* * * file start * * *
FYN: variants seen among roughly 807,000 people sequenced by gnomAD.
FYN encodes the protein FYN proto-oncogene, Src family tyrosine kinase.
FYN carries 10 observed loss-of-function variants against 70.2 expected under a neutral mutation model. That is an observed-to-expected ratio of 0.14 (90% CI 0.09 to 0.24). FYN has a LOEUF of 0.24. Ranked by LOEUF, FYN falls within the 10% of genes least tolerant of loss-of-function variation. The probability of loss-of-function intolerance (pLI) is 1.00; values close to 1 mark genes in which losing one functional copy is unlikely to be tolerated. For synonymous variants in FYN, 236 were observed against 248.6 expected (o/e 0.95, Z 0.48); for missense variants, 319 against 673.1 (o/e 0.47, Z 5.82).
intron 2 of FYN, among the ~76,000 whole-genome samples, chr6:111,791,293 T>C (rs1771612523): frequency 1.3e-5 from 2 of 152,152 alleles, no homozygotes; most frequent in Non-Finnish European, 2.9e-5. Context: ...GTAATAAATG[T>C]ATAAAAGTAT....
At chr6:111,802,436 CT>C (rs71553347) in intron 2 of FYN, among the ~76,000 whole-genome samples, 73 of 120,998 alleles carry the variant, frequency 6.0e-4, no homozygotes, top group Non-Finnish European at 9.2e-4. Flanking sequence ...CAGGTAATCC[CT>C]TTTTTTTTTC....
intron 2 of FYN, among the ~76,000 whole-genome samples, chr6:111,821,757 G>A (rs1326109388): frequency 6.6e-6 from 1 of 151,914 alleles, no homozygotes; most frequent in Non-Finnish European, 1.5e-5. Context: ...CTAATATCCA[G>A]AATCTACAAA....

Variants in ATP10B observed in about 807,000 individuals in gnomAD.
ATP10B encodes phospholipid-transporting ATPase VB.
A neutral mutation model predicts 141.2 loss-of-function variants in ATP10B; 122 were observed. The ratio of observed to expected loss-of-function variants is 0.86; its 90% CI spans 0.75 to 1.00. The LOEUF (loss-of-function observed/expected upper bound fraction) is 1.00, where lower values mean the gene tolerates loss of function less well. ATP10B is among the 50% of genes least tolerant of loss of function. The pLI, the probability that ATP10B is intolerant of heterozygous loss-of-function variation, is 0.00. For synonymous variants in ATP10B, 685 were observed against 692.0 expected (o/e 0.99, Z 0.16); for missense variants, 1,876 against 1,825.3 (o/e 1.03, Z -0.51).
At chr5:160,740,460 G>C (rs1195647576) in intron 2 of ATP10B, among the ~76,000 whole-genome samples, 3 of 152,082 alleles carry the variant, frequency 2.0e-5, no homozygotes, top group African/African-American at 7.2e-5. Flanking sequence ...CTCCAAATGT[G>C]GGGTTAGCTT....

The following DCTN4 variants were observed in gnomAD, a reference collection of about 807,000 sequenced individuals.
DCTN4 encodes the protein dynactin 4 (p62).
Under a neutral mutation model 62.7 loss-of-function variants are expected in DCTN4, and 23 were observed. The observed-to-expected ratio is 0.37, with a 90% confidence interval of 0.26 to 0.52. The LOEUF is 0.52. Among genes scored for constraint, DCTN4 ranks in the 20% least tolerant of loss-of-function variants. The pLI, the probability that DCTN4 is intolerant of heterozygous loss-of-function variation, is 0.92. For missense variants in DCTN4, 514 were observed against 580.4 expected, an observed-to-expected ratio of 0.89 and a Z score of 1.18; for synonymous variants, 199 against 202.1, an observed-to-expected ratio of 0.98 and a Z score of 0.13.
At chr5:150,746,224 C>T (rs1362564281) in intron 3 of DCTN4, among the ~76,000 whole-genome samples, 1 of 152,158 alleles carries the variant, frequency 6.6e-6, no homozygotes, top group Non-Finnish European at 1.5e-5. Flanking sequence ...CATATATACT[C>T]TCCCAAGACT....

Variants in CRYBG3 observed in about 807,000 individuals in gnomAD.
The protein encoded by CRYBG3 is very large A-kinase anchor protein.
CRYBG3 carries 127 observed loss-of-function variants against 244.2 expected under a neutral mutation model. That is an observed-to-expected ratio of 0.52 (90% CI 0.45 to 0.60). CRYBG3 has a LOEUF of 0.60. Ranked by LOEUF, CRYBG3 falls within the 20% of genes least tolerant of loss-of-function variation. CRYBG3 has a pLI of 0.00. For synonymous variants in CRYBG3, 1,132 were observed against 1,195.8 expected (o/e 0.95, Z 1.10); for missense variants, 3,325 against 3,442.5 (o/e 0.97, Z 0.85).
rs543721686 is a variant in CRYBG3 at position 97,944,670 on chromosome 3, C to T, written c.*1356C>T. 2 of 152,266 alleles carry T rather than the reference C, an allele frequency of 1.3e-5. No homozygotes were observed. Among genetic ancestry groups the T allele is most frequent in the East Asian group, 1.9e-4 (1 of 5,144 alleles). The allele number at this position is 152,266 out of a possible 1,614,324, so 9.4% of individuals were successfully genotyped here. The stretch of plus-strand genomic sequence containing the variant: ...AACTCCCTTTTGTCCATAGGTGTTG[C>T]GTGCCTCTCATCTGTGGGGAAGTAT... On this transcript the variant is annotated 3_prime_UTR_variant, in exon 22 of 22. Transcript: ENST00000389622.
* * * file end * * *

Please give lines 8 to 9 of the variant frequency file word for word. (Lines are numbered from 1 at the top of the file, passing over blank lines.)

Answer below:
ATP10B encodes phospholipid-transporting ATPase VB.
A neutral mutation model predicts 141.2 loss-of-function variants in ATP10B; 122 were observed. The ratio of observed to expected loss-of-function variants is 0.86; its 90% CI spans 0.75 to 1.00. The LOEUF (loss-of-function observed/expected upper bound fraction) is 1.00, where lower values mean the gene tolerates loss of function less well. ATP10B is among the 50% of genes least tolerant of loss of function. The pLI, the probability that ATP10B is intolerant of heterozygous loss-of-function variation, is 0.00. For synonymous variants in ATP10B, 685 were observed against 692.0 expected (o/e 0.99, Z 0.16); for missense variants, 1,876 against 1,825.3 (o/e 1.03, Z -0.51).